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A committee consisting of 6 members is randomly selected from 25 students, 5 teachers, and 10 parents. I wish to find the following:

(i) the probability of having no teacher on the committee

(ii) the probability of having neither students nor parents on the committee.

(iii) the probability of having an all parents committee given that the first two selected members are parents.

(iv) the probability of having at least a teacher or at least a student on the committee

For (i), if no teacher is to be on the committee, then there are 35 people to choose from. So the probability is $$\frac{\binom{35}{6}}{\binom{40}{6}}.$$

For (ii) If we are to have neither parents or students, then the committee cannot be formed, since we would only have 5 teachers to choose from. so the probability is $0$.

For (iii) I got the following: $$ \frac{\binom{10}{6}/\binom{40}{6}}{\binom{10}{2}\cdot \binom{30}{4}/\binom{40}{6}}=\frac{\binom{10}{6}}{\binom{10}{2}\cdot \binom{30}{4}}.$$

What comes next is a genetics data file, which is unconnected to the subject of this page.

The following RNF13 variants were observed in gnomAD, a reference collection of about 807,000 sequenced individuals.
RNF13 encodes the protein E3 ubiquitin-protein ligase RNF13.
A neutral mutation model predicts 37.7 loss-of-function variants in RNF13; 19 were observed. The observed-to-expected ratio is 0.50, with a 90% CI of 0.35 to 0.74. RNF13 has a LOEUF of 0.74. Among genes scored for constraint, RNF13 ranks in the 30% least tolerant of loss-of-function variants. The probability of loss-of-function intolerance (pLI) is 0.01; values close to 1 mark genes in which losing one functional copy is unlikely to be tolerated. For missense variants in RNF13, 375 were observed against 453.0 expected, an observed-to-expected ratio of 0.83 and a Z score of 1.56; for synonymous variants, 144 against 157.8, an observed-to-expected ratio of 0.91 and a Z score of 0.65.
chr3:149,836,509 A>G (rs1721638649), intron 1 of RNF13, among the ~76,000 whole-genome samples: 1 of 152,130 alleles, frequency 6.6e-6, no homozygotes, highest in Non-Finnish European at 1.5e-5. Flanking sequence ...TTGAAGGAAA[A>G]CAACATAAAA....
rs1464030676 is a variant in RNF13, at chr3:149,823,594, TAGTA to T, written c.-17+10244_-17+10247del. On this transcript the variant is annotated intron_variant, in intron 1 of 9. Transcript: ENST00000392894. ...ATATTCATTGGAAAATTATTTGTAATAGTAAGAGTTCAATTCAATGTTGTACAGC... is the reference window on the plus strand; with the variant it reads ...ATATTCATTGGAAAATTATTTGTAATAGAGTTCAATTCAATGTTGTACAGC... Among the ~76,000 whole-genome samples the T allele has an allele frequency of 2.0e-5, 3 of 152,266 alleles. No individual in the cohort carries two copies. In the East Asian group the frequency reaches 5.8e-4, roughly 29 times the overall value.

Is (iv) equivalent to finding 1 minus the probability of having neither teacher nor student on the committee? If so, then I would get $$1-\frac{\binom{10}{6}}{\binom{40}{6}}.$$

Is what I have done okay? Are there better ways of doing them?

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+1 for the great way of asking question. – Gigili Jun 7 '12 at 10:33
up vote 2 down vote accepted

You’ve done fine with (i),(ii), and (iv), but (iii) isn’t right. Having picked two parents, you’re now in the position of choosing a $4$-person committee from a group consisting of $25$ students, $5$ teachers, and $8$ parents. The probability that you pick $4$ parents to fill out the $6$-person committee is $$\frac{\binom84}{\binom{38}4}\;.$$

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Thanks once again. – count Jun 7 '12 at 11:01

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